US 7529142 B2
A data processing device has a memory with writeable and erasable locations, such as a flash memory. The memory locations are store WOM codewords (Write Once Memory codewords in which successive generations of data can be encoded by setting bits from zero to one only). A data encoder encodes a received data value in a new codeword from the WOM code, as a function of the received data value and a previous codeword stored in the currently selected location. When the WOM codeword is exhausted the data encoder selects a new currently selected location from a logical series of locations and stores the new codeword in the new currently selected location. When all locations are exhausted a reset circuit resets a content of the locations in the logical series. On reading the currently selected location is read and decoded.
1. A data processing device comprising
a memory having locations, each capable of storing a WOM codeword from a WOM code;
a memory selector for selecting a currently selected location of a logical series of the locations;
a data encoder that encodes a received data value in a new codeword from the WOM code, as a function of the received data value and a previous codeword stored in the currently selected location, the data encoder causing the currently selected location to be changed to a next one in the logical series when the WOM code is exhausted, the data encoder storing the new codeword in the currently selected location;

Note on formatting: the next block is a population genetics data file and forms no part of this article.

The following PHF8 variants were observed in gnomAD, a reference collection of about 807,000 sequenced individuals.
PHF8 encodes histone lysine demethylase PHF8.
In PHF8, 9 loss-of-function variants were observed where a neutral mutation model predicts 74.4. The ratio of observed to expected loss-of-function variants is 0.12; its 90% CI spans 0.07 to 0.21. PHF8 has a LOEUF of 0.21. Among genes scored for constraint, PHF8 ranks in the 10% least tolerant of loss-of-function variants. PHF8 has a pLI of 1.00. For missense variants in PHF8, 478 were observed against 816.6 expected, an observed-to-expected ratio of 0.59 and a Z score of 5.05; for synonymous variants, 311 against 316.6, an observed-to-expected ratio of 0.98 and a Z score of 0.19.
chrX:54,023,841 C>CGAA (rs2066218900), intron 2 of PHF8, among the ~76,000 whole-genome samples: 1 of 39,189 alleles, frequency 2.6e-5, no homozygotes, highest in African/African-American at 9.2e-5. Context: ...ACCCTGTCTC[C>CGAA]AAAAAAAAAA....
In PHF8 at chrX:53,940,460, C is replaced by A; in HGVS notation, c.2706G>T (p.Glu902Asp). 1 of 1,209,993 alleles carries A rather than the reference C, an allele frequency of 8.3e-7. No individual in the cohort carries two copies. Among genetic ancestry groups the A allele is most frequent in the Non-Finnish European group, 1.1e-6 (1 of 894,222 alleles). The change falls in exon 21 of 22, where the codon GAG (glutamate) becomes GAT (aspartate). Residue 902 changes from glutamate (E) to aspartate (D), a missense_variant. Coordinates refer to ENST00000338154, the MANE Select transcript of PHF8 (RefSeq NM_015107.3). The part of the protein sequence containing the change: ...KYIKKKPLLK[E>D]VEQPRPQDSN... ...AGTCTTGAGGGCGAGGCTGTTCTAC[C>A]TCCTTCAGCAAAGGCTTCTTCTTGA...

a reset circuit for resetting a content of the locations in the logical series, the reset circuit being triggered when the WOM code is exhausted for all the locations of the logical series.
2. A data processing device according to
3. A data processing device according to
an input for receiving a dataword;
an error correcting encoder, arranged to form N data values, each data value at least representing a respective part of the dataword encoded in an error correcting code;
the memory selector being arranged to select N currently selected locations, each of a respective logic series of the locations;
the data encoder encoding the data values in N respective new codewords from the WOM code, each as a function of a respective one of the data values and a previous codeword stored in the currently selected location of a respective one of the logic series, the data encoder causing the currently selected location or locations to be changed for those of the logic series in which the WOM code is exhausted, the encoder storing each new codeword in the currently selected location of a respective one of the series;
the reset circuit being triggered for those of the logic series where WOM code is exhausted for all locations in of the logic series.
4. A data processing device according to
an address input for receiving an address value corresponding to the data;